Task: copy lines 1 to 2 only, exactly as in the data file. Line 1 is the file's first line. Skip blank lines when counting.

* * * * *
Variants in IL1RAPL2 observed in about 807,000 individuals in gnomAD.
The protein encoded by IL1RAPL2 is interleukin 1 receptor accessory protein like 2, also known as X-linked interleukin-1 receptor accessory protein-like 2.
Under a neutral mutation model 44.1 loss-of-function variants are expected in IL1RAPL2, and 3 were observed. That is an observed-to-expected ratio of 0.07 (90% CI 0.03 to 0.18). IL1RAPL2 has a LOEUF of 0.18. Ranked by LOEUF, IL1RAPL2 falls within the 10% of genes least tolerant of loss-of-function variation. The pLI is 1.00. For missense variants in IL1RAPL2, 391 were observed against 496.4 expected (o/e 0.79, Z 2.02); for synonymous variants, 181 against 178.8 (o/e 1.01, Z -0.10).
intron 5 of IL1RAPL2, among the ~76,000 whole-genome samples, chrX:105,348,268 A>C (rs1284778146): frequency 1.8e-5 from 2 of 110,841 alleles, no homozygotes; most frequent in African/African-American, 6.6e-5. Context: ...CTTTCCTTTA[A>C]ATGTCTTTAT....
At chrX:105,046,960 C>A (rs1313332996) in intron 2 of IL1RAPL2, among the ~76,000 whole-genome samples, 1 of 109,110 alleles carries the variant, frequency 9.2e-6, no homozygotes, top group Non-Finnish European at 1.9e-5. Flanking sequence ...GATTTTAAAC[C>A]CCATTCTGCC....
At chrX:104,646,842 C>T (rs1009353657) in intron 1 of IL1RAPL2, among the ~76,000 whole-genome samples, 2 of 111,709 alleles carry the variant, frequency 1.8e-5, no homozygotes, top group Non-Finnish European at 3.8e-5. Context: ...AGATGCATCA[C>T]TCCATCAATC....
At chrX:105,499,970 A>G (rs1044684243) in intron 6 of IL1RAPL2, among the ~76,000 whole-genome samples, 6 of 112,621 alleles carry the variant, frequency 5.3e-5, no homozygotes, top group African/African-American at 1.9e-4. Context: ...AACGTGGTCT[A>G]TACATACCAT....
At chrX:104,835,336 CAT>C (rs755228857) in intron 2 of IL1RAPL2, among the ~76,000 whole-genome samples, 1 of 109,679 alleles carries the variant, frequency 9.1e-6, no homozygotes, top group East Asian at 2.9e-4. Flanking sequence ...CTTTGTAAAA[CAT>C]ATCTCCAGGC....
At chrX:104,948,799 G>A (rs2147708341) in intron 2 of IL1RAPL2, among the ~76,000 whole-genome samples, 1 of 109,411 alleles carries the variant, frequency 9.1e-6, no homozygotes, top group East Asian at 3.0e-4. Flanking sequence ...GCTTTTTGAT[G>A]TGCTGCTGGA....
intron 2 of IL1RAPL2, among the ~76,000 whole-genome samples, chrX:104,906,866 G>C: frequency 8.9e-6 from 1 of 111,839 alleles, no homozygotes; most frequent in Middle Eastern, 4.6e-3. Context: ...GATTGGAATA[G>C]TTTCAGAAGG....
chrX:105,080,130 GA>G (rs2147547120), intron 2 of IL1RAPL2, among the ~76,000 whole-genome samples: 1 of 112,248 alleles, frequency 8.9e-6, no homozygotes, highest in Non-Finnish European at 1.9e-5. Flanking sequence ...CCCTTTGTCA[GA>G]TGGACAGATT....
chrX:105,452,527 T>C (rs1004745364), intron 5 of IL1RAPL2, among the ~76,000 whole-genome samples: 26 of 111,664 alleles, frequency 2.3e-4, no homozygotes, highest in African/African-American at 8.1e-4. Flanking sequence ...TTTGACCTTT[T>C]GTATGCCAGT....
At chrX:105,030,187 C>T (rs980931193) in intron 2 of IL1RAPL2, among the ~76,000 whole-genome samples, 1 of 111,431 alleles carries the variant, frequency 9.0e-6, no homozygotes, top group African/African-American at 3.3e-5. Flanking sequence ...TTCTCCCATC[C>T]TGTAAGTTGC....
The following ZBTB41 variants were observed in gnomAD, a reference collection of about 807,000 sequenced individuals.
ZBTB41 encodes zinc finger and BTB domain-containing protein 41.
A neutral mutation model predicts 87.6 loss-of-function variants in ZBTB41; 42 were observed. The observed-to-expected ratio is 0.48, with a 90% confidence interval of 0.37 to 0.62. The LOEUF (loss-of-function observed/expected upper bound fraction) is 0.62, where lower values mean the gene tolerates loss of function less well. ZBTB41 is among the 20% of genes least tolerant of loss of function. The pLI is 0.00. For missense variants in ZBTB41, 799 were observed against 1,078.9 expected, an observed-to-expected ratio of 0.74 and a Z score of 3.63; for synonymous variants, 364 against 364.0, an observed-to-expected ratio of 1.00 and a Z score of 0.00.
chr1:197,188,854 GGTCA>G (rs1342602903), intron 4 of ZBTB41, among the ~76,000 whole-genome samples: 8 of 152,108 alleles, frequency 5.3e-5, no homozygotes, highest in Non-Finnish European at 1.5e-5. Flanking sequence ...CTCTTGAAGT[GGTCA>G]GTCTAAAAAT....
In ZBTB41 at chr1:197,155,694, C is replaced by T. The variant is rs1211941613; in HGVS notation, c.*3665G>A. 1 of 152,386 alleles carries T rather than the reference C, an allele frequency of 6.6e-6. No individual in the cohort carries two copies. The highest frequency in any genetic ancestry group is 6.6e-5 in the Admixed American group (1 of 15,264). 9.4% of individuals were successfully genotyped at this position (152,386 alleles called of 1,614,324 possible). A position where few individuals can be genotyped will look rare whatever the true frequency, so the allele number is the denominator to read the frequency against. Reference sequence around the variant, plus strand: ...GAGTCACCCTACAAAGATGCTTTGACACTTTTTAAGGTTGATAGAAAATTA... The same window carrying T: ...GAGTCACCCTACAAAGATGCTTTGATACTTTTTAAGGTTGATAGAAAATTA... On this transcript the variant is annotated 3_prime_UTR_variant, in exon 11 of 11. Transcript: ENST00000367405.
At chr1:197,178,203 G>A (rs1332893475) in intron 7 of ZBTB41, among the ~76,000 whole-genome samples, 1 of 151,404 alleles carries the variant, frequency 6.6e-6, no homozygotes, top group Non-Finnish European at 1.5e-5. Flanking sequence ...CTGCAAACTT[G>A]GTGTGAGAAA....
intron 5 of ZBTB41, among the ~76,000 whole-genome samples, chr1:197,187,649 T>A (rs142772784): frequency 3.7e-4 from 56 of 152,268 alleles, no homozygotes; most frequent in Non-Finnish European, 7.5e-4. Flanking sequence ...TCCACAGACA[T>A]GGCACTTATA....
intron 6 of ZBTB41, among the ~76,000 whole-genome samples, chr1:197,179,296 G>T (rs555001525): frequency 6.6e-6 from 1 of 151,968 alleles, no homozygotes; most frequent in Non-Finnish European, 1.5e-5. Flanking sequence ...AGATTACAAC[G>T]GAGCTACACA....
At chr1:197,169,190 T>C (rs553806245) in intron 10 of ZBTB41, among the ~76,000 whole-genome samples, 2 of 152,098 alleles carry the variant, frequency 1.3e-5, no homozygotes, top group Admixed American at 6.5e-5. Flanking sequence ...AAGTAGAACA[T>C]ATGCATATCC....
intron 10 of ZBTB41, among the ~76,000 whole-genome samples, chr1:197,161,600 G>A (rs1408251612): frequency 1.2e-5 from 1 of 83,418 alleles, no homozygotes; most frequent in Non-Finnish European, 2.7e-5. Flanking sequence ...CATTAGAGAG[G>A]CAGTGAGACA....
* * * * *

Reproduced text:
Variants in IL1RAPL2 observed in about 807,000 individuals in gnomAD.
The protein encoded by IL1RAPL2 is interleukin 1 receptor accessory protein like 2, also known as X-linked interleukin-1 receptor accessory protein-like 2.